Thread-topic: iDefense Security Advisory 04.10.07: Microsoft Windows UniversalPlug and Play Memory Corruption Vulnerability
> -----Original Message-----
> @idefense.com] On Behalf Of iDefense Labs Security Advisories
> Sent: Tuesday, April 10, 2007 11:00 PM
> To: iDefense Labs Security Advisories
> Subject: iDefense Security Advisory 04.10.07: Microsoft
> Windows UniversalPlug and Play Memory Corruption Vulnerability
> Microsoft Windows Universal Plug and Play Memory Corruption
> iDefense Security Advisory 04.10.07
> Apr 10, 2007
> I. BACKGROUND
> Universal Plug and Play (UPnP) is a group of network
> protocols that work
> together to enable devices to interact. UPnP lets a device announce
> itself and look for other devices on the network, gives a mechanism to
> control it and receive updates on the device's state. For more
> information about UPnP, visit the following URL.
> II. DESCRIPTION
> Remote exploitation of a buffer overflow vulnerability in the
> Plug-and-Play (UPnP) component of Microsoft Windows could allow an
> attacker to execute code in the context of the vulnerable service.
> The vulnerability specifically exists in the handling of HTTP headers
> sent to the UPnP control point as part of a request or notification.
> Because it processes certain fields without checking if there
> is enough
> storage space, a malicious request may cause a stack-based buffer
> overflow, potentially resulting in code execution.
> III. ANALYSIS
> Exploitation of this vulnerability would allow an attacker to execute
> arbitrary code in the context of the affected service,
> typically 'Local
> Service' or 'Network Service'.
> In order to exploit this vulnerability an attacker would need either
> wired or wireless access to the local network. Additionally, they must
> be able to connect to a port used for UPnP services. As UPnP is
> designed to allow use without special configuration, Windows
> XP SP2 has
> firewall exceptions active for ports which could be used in an attack.
> Due to various security mechanisms implemented in Windows XP SP2 and a
> variety of design choices, code execution may not be trivial even
> though this is a stack based buffer overflow. A combination of factors
> including a restriction on the total input size to the process and the
> HTTP interface's restriction of input to characters allowed by the
> protocol specification work together with system libraries compiled
> with the "/SAFESEH" option and stack cookies to make exploitation more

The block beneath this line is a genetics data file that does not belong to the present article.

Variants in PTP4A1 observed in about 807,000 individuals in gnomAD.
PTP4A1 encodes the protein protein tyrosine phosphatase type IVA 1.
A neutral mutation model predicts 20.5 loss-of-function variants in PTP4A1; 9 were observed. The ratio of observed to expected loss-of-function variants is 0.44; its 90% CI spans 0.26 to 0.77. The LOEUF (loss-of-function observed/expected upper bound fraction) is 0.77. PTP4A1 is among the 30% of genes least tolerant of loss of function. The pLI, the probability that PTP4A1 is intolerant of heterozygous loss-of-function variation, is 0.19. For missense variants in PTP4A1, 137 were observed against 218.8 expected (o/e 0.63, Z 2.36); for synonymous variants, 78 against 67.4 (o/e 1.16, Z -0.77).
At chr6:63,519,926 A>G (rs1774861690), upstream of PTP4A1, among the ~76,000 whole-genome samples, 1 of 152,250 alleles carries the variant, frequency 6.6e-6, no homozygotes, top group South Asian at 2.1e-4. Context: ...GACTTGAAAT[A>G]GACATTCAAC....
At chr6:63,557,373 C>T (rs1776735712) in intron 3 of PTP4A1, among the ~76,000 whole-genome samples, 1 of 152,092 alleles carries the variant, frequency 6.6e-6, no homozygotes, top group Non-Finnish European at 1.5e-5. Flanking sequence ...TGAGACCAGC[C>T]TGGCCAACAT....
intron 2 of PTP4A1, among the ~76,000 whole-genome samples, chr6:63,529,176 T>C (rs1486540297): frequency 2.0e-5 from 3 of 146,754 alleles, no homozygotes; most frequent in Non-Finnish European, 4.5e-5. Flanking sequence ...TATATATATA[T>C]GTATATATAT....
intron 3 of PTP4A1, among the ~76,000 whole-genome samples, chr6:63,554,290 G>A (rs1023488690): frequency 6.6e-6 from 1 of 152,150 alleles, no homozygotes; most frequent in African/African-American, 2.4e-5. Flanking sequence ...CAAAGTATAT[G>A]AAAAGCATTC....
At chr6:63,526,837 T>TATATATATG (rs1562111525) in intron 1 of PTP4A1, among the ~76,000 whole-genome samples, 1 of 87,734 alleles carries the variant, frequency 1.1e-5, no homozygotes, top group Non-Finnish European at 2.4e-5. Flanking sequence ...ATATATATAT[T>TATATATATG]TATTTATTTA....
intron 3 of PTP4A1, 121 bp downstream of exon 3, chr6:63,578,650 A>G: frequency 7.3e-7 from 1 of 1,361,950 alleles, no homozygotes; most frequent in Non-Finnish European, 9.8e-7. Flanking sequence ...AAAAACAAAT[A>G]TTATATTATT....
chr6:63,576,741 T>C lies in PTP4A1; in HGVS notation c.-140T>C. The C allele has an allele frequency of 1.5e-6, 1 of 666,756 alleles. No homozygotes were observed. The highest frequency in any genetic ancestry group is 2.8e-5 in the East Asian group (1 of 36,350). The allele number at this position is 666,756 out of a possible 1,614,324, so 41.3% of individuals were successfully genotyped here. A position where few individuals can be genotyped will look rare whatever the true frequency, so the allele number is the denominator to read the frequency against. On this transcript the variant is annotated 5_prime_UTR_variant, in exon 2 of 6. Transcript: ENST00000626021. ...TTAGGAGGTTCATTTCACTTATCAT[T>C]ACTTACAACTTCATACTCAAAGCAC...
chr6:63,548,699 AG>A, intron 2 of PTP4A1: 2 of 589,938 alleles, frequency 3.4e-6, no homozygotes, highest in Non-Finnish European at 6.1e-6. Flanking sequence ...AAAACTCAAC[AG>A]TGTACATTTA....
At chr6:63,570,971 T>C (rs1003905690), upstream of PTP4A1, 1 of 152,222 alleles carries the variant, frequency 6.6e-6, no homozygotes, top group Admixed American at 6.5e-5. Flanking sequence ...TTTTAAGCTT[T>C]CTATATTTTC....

> The UPnP service relies on the Simple Service Discovery
> Protocol (SSDP)
> service to locate new devices. The SSDP service listens on UDP port
> 1900. Exploitation does not require the attacker to communicate with
> UDP port 1900. However if the UPnP TCP port for the service is not yet
> active, they may be able to activate it by sending a SSDP search
> request or notification.
> IV. DETECTION
> This vulnerability has been confirmed to affect Windows XP SP2. As the
> affected component is a library and not an application itself, other
> applications and services may also be affected.
> V. WORKAROUND
> The follow actions will mitigate exposure to this vulnerability.
> * Disable the SSDP and UPnP services.
> * Disable the Media Sharing functionality of Windows Media
> Player 11.
> * Delete firewall exceptions for the following ports.
> * 1900/UDP (SSDP)
> * 2869/TCP (UPnP Host Device)
> * 10243/TCP (Windows Media Connect and Windows Media
> Player Network
> Sharing Service)
> These operations may affect the ability to detect and access some
> UPnP-based resources.
> VI. VENDOR RESPONSE
> Microsoft has addressed this vulnerability within MS07-019. For more
> information, consult their bulletin at the following URL.
> VII. CVE INFORMATION
> The Common Vulnerabilities and Exposures (CVE) project has
> assigned the
> name CVE-2007-1204 to this issue. This is a candidate for inclusion in
> the CVE list (http://cve.mitre.org/), which standardizes names for
> security problems.
> VIII. DISCLOSURE TIMELINE
> 12/06/2006 Initial vendor notification
> 12/06/2006 Initial vendor response
> 04/10/2007 Coordinated public disclosure
> IX. CREDIT
> This vulnerability was discovered by Greg MacManus of iDefense Labs.
> Get paid for vulnerability research
> Free tools, research and upcoming events
> X. LEGAL NOTICES
> Copyright (c) 2007 iDefense, Inc.
> Permission is granted for the redistribution of this alert
> electronically. It may not be edited in any way without the express
> written consent of iDefense. If you wish to reprint the whole or any
> part of this alert in any other medium other than electronically,
> please e-mail customerservice@xxxxxxxxxxxx for permission.
> Disclaimer: The information in the advisory is believed to be accurate
> at the time of publishing based on currently available
> information. Use
> of the information constitutes acceptance for use in an AS IS
> There are no warranties with regard to this information. Neither the
> author nor the publisher accepts any liability for any direct,
> indirect, or consequential loss or damage arising from use of, or
> reliance on, this information.
> To unsubscribe, go here: